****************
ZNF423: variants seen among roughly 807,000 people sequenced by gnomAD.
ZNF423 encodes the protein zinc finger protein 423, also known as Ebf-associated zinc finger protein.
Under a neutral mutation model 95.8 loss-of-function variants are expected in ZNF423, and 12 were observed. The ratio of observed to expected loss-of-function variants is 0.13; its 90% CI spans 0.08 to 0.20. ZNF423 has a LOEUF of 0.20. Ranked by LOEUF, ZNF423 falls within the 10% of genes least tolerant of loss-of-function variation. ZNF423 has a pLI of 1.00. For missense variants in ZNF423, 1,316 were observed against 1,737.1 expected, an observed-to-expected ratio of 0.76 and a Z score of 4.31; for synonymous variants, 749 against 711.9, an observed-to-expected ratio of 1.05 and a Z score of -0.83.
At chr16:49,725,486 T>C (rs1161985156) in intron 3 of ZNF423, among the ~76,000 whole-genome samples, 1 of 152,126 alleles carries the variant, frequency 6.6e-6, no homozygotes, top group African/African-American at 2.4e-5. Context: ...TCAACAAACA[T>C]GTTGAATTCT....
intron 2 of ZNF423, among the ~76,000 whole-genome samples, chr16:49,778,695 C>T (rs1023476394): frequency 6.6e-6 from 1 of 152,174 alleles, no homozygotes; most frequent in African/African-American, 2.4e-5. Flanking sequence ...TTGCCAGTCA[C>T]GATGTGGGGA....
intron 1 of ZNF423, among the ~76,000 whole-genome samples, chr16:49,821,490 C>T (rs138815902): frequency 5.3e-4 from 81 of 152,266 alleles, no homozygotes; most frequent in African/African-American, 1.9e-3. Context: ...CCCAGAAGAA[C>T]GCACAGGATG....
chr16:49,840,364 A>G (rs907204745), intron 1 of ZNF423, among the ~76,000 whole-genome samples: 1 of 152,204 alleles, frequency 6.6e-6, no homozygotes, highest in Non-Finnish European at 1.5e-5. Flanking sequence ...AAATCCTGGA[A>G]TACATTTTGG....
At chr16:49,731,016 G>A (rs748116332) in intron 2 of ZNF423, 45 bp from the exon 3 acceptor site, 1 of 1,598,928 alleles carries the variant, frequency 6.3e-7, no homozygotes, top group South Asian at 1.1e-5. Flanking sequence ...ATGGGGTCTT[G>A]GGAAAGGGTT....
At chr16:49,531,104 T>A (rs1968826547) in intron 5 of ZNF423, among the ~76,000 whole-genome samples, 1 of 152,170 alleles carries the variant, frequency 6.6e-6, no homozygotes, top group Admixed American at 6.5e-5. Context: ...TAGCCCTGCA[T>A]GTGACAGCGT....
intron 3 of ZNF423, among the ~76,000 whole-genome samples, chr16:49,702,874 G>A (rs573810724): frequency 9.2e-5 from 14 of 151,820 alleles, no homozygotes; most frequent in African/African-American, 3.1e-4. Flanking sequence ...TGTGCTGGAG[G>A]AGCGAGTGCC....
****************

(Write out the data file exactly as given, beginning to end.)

ZNF423: variants seen among roughly 807,000 people sequenced by gnomAD.
ZNF423 encodes the protein zinc finger protein 423, also known as Ebf-associated zinc finger protein.
Under a neutral mutation model 95.8 loss-of-function variants are expected in ZNF423, and 12 were observed. The ratio of observed to expected loss-of-function variants is 0.13; its 90% CI spans 0.08 to 0.20. ZNF423 has a LOEUF of 0.20. Ranked by LOEUF, ZNF423 falls within the 10% of genes least tolerant of loss-of-function variation. ZNF423 has a pLI of 1.00. For missense variants in ZNF423, 1,316 were observed against 1,737.1 expected, an observed-to-expected ratio of 0.76 and a Z score of 4.31; for synonymous variants, 749 against 711.9, an observed-to-expected ratio of 1.05 and a Z score of -0.83.
At chr16:49,725,486 T>C (rs1161985156) in intron 3 of ZNF423, among the ~76,000 whole-genome samples, 1 of 152,126 alleles carries the variant, frequency 6.6e-6, no homozygotes, top group African/African-American at 2.4e-5. Context: ...TCAACAAACA[T>C]GTTGAATTCT....
intron 2 of ZNF423, among the ~76,000 whole-genome samples, chr16:49,778,695 C>T (rs1023476394): frequency 6.6e-6 from 1 of 152,174 alleles, no homozygotes; most frequent in African/African-American, 2.4e-5. Flanking sequence ...TTGCCAGTCA[C>T]GATGTGGGGA....
intron 1 of ZNF423, among the ~76,000 whole-genome samples, chr16:49,821,490 C>T (rs138815902): frequency 5.3e-4 from 81 of 152,266 alleles, no homozygotes; most frequent in African/African-American, 1.9e-3. Context: ...CCCAGAAGAA[C>T]GCACAGGATG....
chr16:49,840,364 A>G (rs907204745), intron 1 of ZNF423, among the ~76,000 whole-genome samples: 1 of 152,204 alleles, frequency 6.6e-6, no homozygotes, highest in Non-Finnish European at 1.5e-5. Flanking sequence ...AAATCCTGGA[A>G]TACATTTTGG....
At chr16:49,731,016 G>A (rs748116332) in intron 2 of ZNF423, 45 bp from the exon 3 acceptor site, 1 of 1,598,928 alleles carries the variant, frequency 6.3e-7, no homozygotes, top group South Asian at 1.1e-5. Flanking sequence ...ATGGGGTCTT[G>A]GGAAAGGGTT....
At chr16:49,531,104 T>A (rs1968826547) in intron 5 of ZNF423, among the ~76,000 whole-genome samples, 1 of 152,170 alleles carries the variant, frequency 6.6e-6, no homozygotes, top group Admixed American at 6.5e-5. Context: ...TAGCCCTGCA[T>A]GTGACAGCGT....
intron 3 of ZNF423, among the ~76,000 whole-genome samples, chr16:49,702,874 G>A (rs573810724): frequency 9.2e-5 from 14 of 151,820 alleles, no homozygotes; most frequent in African/African-American, 3.1e-4. Flanking sequence ...TGTGCTGGAG[G>A]AGCGAGTGCC....